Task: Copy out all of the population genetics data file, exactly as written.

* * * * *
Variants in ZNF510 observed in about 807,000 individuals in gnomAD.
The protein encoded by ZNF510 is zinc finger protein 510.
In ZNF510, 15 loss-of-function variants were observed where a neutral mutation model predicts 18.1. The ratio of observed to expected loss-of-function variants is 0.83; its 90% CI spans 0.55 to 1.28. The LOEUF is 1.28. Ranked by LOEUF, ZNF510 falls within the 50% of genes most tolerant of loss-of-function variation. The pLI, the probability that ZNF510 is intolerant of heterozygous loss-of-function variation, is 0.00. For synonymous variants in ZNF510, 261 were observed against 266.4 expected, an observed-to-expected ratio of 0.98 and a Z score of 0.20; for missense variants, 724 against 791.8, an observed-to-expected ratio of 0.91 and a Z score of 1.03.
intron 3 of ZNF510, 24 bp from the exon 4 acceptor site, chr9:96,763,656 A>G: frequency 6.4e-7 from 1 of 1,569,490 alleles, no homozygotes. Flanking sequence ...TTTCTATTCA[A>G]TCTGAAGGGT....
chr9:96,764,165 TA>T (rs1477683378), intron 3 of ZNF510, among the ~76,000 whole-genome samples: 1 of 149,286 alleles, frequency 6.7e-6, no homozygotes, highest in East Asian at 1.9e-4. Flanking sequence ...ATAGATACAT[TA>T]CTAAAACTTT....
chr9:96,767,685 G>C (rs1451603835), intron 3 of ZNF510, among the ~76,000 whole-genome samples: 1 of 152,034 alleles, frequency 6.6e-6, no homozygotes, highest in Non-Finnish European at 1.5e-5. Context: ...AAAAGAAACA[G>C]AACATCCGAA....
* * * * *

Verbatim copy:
Variants in ZNF510 observed in about 807,000 individuals in gnomAD.
The protein encoded by ZNF510 is zinc finger protein 510.
In ZNF510, 15 loss-of-function variants were observed where a neutral mutation model predicts 18.1. The ratio of observed to expected loss-of-function variants is 0.83; its 90% CI spans 0.55 to 1.28. The LOEUF is 1.28. Ranked by LOEUF, ZNF510 falls within the 50% of genes most tolerant of loss-of-function variation. The pLI, the probability that ZNF510 is intolerant of heterozygous loss-of-function variation, is 0.00. For synonymous variants in ZNF510, 261 were observed against 266.4 expected, an observed-to-expected ratio of 0.98 and a Z score of 0.20; for missense variants, 724 against 791.8, an observed-to-expected ratio of 0.91 and a Z score of 1.03.
intron 3 of ZNF510, 24 bp from the exon 4 acceptor site, chr9:96,763,656 A>G: frequency 6.4e-7 from 1 of 1,569,490 alleles, no homozygotes. Flanking sequence ...TTTCTATTCA[A>G]TCTGAAGGGT....
chr9:96,764,165 TA>T (rs1477683378), intron 3 of ZNF510, among the ~76,000 whole-genome samples: 1 of 149,286 alleles, frequency 6.7e-6, no homozygotes, highest in East Asian at 1.9e-4. Flanking sequence ...ATAGATACAT[TA>T]CTAAAACTTT....
chr9:96,767,685 G>C (rs1451603835), intron 3 of ZNF510, among the ~76,000 whole-genome samples: 1 of 152,034 alleles, frequency 6.6e-6, no homozygotes, highest in Non-Finnish European at 1.5e-5. Context: ...AAAAGAAACA[G>C]AACATCCGAA....